Wednesday, November 21, 2018

The Graduate





Katherine Ross and Dustin Hoffman on the set







Katherine Ross







Anne Bancroft




Director Mike Nichols (center with glasses on his head) with his young actors







THE GRADUATE           A              
USA  (105 mi)  1967  ‘Scope  d:  Mike Nichols                    

Hello darkness, my old friend
I’ve come to talk with you again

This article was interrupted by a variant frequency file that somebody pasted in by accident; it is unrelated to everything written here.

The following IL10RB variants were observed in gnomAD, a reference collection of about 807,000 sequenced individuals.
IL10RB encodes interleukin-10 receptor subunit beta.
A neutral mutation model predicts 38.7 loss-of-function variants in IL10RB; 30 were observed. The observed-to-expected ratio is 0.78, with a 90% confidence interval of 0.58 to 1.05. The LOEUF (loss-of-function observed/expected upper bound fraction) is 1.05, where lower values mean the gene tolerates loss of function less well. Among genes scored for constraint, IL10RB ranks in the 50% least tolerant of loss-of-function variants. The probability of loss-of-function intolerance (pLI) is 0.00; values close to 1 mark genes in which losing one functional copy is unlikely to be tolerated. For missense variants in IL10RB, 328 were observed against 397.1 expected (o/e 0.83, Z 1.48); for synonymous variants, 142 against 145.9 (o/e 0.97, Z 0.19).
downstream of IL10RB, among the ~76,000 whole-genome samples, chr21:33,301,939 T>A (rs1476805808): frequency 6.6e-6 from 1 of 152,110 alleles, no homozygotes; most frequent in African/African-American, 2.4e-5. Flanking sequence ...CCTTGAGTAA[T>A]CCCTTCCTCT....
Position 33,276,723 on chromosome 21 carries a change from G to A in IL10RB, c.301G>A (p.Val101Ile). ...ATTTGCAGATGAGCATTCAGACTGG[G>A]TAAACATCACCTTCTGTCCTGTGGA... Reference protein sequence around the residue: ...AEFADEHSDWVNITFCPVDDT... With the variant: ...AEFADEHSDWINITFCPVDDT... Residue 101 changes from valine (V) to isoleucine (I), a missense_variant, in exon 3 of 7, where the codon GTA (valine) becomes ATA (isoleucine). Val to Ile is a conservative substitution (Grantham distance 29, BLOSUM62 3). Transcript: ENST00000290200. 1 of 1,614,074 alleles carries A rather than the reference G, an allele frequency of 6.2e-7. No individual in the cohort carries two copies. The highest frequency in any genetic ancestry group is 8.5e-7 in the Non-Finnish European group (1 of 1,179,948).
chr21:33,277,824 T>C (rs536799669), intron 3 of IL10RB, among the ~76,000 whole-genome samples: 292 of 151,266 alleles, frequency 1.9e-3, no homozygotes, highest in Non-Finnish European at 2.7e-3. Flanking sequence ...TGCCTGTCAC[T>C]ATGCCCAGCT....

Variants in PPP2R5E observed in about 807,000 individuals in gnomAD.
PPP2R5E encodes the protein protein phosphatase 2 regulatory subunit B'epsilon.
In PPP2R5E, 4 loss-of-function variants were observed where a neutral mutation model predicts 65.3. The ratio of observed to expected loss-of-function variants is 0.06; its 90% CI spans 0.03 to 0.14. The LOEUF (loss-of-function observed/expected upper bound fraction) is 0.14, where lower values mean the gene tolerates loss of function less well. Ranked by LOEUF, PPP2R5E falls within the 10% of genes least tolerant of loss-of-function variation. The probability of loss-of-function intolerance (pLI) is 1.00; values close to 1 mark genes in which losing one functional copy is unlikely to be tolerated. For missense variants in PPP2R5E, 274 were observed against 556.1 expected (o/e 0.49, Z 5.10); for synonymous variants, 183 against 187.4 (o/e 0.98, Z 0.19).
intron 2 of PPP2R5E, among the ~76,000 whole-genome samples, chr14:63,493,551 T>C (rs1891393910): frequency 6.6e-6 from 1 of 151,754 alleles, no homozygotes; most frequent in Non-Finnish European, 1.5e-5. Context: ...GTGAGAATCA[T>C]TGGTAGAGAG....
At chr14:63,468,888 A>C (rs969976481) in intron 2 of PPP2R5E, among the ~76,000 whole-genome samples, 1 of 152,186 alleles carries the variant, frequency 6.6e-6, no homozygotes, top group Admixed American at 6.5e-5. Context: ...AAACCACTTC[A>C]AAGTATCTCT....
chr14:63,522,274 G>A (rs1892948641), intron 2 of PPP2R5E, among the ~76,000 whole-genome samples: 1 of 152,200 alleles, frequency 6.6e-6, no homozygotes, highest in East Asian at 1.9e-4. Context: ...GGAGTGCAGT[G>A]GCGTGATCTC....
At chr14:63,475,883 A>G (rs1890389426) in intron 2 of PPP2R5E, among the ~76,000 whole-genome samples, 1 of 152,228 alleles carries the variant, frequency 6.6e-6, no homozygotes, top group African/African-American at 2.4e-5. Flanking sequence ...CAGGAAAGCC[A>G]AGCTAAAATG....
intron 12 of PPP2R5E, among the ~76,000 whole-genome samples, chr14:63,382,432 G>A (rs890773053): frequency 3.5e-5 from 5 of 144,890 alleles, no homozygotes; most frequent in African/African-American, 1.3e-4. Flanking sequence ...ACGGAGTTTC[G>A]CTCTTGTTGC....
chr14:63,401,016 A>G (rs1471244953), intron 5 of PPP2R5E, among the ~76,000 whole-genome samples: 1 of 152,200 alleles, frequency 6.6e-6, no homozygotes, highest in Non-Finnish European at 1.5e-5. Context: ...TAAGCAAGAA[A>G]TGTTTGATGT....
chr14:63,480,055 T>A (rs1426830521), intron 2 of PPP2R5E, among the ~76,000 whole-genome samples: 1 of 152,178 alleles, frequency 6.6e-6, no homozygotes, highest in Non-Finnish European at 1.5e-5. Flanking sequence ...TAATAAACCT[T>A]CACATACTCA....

Because a vision softly creeping
Left its seeds while I was sleeping
And the vision that was planted in my brain
Still remains
Within the sound of silence

—“Sounds of Silence,” Simon & Garfunkel, 1964, The Sound of Silence (Original Version from 1964) - YouTube (3:05)